Jester of Muncaster Castle in Cumbria, 16th century. According to tradition, 'Tom Fool' and 'tomfoolery' both originated with Thomas Skelton, who by reputation was a rather unpleasant character. There are stories that he used to sit under a chestnut tree by the castle, and direct travellers he didn't like the look of into the quicksand; and that on his master's orders he cut off the head of an unfortunate carpenter who had fallen in love with his master's daughter. Some believe that his ghost still haunts the castle to this day. There is a portrait of Thomas Skelton which still hangs at Muncaster Castle, and includes a painted document in the form of a will.

It's hard to tell what's history and what's legend with Skelton; almost everything about his tale has been questioned, including the idea that he was even at Muncaster at all! Click here for a site with some fascinating information about Tom, including the full transcript of his 'will'.

Arthurian legend: Lailoken
This character's roots are as murky as most Celtic legend, but Lailoken (probably from 'lalockin', translated as 'twin' or 'brother') was a wild man of the woods character from early Celtic legend. He features in the story of St Kentigern, to whom he prophesies his own death by stoning, impalement and drowning (of course, this impossibility comes true). In another tale of Lailoken, he informs a King of his Queen's adultery in a riddle, and his three-way death comes when the king figures it out.

Lailoken is often described as a great warrior who was driven mad by the death of his men in a battle which he started. The king on one side, Rydderch, was married to Lailoken's sister Gwenddydd. Lailoken, prophet and fool in Rydderch's court, not only started the battle but supposedly changed sides later and fought against his brother-in-law.

The character of Merlin from Arthurian legend is probably a derivation from the Lailoken story (or at least Lailoken makes up part of Merlin's cultural heritage). In many forms of the Arthur story it is mentioned that Merlin was a twin and has a sister named Gwenddydd, and indeed the riddle story of Lailoken mentions Merlin by name:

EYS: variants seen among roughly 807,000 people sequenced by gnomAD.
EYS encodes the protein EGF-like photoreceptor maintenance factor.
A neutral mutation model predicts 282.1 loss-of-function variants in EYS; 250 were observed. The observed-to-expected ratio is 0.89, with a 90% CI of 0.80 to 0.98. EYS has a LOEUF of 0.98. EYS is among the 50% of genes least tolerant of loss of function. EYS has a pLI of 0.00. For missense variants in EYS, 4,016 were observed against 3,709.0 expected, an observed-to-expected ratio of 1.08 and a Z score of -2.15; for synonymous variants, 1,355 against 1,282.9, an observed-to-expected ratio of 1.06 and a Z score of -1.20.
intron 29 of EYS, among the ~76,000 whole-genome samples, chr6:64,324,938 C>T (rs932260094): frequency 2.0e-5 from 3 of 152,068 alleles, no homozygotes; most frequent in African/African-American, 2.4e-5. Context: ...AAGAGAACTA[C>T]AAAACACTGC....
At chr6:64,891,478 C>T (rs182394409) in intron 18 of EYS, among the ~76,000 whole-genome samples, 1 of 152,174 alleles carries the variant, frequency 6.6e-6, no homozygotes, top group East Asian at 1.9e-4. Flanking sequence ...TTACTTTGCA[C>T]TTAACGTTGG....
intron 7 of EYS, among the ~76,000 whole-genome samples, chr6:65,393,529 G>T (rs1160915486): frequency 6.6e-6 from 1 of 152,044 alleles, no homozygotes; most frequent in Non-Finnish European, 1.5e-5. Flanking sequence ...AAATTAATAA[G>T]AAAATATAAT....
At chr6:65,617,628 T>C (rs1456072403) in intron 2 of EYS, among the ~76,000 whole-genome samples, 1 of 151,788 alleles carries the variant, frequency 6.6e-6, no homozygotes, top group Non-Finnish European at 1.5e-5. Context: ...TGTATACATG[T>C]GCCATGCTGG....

Pierced by a spear, crushed by a stone

And drowned in the stream's waters,

Merlin died a triple death.

Interesting article on Arthurian characters and their Celtic roots here.

Arthurian legend: Sir Dagonet (Daguenet)
This one, on the other hand, is (as far as I know) an invention of Malory's in his famous 'Le Morte d'Arthur' from 1470. Sir Dagonet is Arthur's court fool, and appears in several places in the tale. He is sent to fight the knight La Cote Male Taile, by way of a practical joke (to shame him for having fought a fool). Sir Tristram de Liones chucks him in a well and smacks him round the head (Sir Tristram is a little crazy at the time, as he's busy doing his eternal-love-and-despair thing for Isolde). The knights dress Sir Dagonet up as Sir Lancelot and successfully scare the pants off King Mark of Cornwall. He's described as a coward, but when his wife is kidnapped Sir Dagonet tracks down and kills the offender.

You can read Le Morte d'Arthur here. This version is translated from the Middle English; it's available, and perfectly possible to read, in the original but it's rather hard work.

France: Mathurine
Mathurine was a real jester, and a woman - one of relatively few female jesters who survived by their wit (as opposed to 'natural fools' who were often mentally subnormal, or selected due to dwarfism or some physical deformity). She was a jester at the French court in the late 1500s and early 1600s - the reigns of Henri III, Henri IV, and Louis XIII of France. During her lifetime 'Mathurine' was used as a name for satirists, and a specific type of burlesque writing is still known as mathurinade.

On December 27, 1594, an assassination attempt was made against Henri IV on his return from Picardy to his palace of Bouchage. A young student, Jean Châtel, lunged for him with a knife. Finding himself injured, the king thought it a trick of Mathurine's and cried out "Faites retirer cette folle, elle m'a fait mal!". ("Someone remove this fool, she's hurt me!"). But Mathurine ran to the door and blocked the assassin's escape; he was captured and executed.

Mathurine de Valois was one of Queen Marie de'Medici's household in the early 1600s, and in 1622 King Louis XIII raised her pension to 1,200 livres - a vast sum for a servant.

Britain: Archie Armstrong
This famous rogue was jester to King James VI of Scotland, who became King James I of England on the death of Elizabeth I, and later to his son Charles I. He was a Scottish sheep-stealer before securing his position at court, which he held until his rivalry with Archbishop Laud became too much for the King to tolerate, and he was kicked out of court in 1638 for 'Give great praise to God, and little laud to the devil' (Laud was very short).